Early career teacher support reforms, such as increased mentoring and professional development, should be rolled out to encompass school leaders to prevent a “post-Covid exodus”, a school improvement commission has said.
The National Association of Head Teachers report comes as a survey of its members found 47 per cent are now less likely to remain in school leadership as long as initially planned because of the pandemic.
To boost retention, the union calls on government to extend its commitment to fund support for newly qualified teachers to all teachers and leaders by 2025.
Nick Brook, NAHT’s deputy general secretary, said the pandemic has “compounded” the dissatisfaction with the state of education, adding it is “deeply concerning” that many school leaders are considering leaving prematurely.
The NAHT’s School Improvement Commission report says that high quality continuous professional development (CPD) can help teachers thrive and boost retention. Figures included in the report show that three in ten school leaders quit within three years of their first headship as many are left to “sink or swim”.
It also points to a “growing consensus” that professional development can significantly improve how well pupils learn. Yet NAHT survey figures show that majority of school leaders (66%) were cutting back on CPD budgets due to funding and time pressures.
The expertise of teachers and school leaders will achieve more in sustained school improvements, according to the report, than simply by focusing on being ‘Ofsted-ready”, which it claims encourages a search for short-term solutions.
The report recommends that new head teachers should benefit from “fully funded” structured support, similar to that received from newly qualified teachers, to avoid isolation. This would be based on mentoring and coaching alongside leadership development and training.
More experienced heads should benefit from a universal entitlement to high quality CPD, alongside teachers. Recommendations also include a new bursary to encourage a “much wider group of middle and school leaders” to do national professional qualifications (NPQ), and a designated CPD lead in each school.
Among its 13 recommendations – which have not been costed – the report says that a “package of support and incentives” is needed to encourage leaders to take up posts in the most deprived communities.
It makes the case for greater collaboration between schools at a local networking level, and action by government and local services on the causes of educational under-performance that lie beyond the school gate, such as unemployment, poverty and housing.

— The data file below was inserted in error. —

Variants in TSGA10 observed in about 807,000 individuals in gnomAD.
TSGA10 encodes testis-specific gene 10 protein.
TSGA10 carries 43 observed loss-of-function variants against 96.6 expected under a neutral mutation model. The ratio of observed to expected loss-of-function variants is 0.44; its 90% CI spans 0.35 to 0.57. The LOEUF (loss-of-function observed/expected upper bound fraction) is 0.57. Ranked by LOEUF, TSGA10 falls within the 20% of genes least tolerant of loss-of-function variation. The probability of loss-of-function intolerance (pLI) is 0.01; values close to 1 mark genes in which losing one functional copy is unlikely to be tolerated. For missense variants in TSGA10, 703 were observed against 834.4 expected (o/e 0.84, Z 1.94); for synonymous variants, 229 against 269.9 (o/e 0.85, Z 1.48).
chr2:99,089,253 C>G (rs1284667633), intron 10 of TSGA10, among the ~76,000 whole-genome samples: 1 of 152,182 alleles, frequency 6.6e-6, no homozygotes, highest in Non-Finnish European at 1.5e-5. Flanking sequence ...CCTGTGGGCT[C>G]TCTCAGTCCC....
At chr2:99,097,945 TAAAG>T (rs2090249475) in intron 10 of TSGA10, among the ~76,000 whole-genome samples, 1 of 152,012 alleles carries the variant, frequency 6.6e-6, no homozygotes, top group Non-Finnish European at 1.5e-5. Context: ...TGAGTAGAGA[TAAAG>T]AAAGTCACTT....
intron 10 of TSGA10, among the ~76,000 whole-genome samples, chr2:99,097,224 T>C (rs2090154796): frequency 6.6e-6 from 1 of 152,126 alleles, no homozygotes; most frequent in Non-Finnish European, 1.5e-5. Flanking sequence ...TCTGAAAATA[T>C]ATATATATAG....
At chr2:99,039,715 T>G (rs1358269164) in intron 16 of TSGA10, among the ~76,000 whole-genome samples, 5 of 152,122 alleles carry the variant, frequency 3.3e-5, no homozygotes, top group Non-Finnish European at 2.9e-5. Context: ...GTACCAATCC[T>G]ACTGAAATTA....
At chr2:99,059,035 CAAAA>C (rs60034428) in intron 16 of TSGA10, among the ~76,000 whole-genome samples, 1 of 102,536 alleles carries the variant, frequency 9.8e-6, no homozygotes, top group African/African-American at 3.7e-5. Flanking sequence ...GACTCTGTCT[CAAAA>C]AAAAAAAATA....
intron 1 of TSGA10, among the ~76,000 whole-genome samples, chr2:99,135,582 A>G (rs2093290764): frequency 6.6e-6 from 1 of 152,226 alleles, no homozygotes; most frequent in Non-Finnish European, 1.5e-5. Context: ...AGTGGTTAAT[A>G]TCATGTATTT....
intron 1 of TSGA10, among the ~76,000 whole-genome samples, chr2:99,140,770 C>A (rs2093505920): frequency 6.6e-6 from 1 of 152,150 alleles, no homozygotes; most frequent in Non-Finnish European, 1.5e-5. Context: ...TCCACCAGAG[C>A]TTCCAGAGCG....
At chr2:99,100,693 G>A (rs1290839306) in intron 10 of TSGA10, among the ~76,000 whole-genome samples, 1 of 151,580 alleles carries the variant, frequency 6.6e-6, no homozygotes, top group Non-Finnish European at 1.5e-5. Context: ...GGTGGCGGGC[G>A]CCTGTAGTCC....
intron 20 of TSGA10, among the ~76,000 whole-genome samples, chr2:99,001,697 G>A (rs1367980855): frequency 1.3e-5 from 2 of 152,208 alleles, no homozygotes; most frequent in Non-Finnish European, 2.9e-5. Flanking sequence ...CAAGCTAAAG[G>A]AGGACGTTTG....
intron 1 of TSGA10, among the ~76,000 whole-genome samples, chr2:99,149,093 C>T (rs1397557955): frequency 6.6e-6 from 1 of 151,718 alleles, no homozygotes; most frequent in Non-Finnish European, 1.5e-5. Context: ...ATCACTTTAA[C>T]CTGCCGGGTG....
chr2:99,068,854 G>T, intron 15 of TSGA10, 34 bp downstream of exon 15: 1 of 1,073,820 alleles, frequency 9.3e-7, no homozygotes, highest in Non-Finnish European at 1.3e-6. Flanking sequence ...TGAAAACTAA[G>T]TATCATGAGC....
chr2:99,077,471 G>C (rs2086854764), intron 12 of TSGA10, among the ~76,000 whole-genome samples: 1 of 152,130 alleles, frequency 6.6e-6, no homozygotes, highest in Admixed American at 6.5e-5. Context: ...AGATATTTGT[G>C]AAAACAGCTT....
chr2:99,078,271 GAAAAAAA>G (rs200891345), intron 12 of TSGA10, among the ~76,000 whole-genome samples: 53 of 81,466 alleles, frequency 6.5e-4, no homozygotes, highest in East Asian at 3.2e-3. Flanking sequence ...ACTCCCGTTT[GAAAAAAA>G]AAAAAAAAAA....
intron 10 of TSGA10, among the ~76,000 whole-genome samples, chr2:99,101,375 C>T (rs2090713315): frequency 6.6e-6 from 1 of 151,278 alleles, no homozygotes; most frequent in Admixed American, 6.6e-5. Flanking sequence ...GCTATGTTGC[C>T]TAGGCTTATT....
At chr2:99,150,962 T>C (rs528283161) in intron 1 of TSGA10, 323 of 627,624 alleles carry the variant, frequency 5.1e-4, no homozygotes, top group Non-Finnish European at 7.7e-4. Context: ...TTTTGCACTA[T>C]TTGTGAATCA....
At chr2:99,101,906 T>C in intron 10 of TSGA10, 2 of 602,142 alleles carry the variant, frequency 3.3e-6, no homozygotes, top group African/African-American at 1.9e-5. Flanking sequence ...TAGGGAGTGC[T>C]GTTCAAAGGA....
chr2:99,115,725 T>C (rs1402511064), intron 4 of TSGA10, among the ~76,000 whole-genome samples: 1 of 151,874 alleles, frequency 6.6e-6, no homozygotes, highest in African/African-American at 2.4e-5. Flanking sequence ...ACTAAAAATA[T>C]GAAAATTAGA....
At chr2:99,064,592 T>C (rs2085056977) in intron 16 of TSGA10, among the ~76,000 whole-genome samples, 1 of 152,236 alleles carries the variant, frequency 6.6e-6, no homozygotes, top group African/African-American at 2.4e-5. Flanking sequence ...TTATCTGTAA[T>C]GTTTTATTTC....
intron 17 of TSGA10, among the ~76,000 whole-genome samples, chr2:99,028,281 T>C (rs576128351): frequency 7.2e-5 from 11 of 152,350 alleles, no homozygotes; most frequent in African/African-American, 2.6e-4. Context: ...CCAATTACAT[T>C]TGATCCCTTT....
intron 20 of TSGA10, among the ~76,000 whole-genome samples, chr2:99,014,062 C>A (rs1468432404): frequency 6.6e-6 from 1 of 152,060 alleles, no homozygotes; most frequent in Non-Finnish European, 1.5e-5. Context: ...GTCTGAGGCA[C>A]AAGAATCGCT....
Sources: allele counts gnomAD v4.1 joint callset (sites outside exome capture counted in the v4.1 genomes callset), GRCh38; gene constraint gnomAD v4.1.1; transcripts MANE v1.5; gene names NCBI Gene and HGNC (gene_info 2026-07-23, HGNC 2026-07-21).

The report also urges the Department for Education to put longer term investment in opportunity areas long term, and consider expanding them to more areas.
Brook added: “When we emerge from the pandemic, there can be no sense of merely flicking a switch and returning to the way things were, with all the same fault-lines as before.”
He added: “We need to seize the opportunity presented to make changes to the parts of the education system that simply aren’t working as well as they should.
“The best response to the damage inflicted by Covid on learning is to ensure that every pupil is taught by an expert teacher, someone who is continually improving their skills and is properly supported to do their job, in whatever circumstances they work.”
The report also raises the idea of a CPD quality mark to help schools identify high quality training providers – an area which it says is being looked at by the Wellcome Trust.
Leora Cruddas, chief executive the Confederation of School Trusts said the “goal for every pupil in the country to be taught by an expert teacher” is welcomed. But added: “The report could have gone further in describing the evidence related to building the mental models of expertise in teachers and the structures that enable this to happen.”
Labour has backed the proposals. Wes Streeting, shadow minister for schools, said “we will only get the best out of our pupils if we get the best out of our teachers, support staff and school leaders which requires good quality training and professional development”.
But the Department for Education said it is already “improving support and professional development for teachers at all stages of their career”.
That includes “tailored support for new headteachers who are at their least experienced and at most risk of leaving the profession” via a new national professional qualification in headship, from September 2021.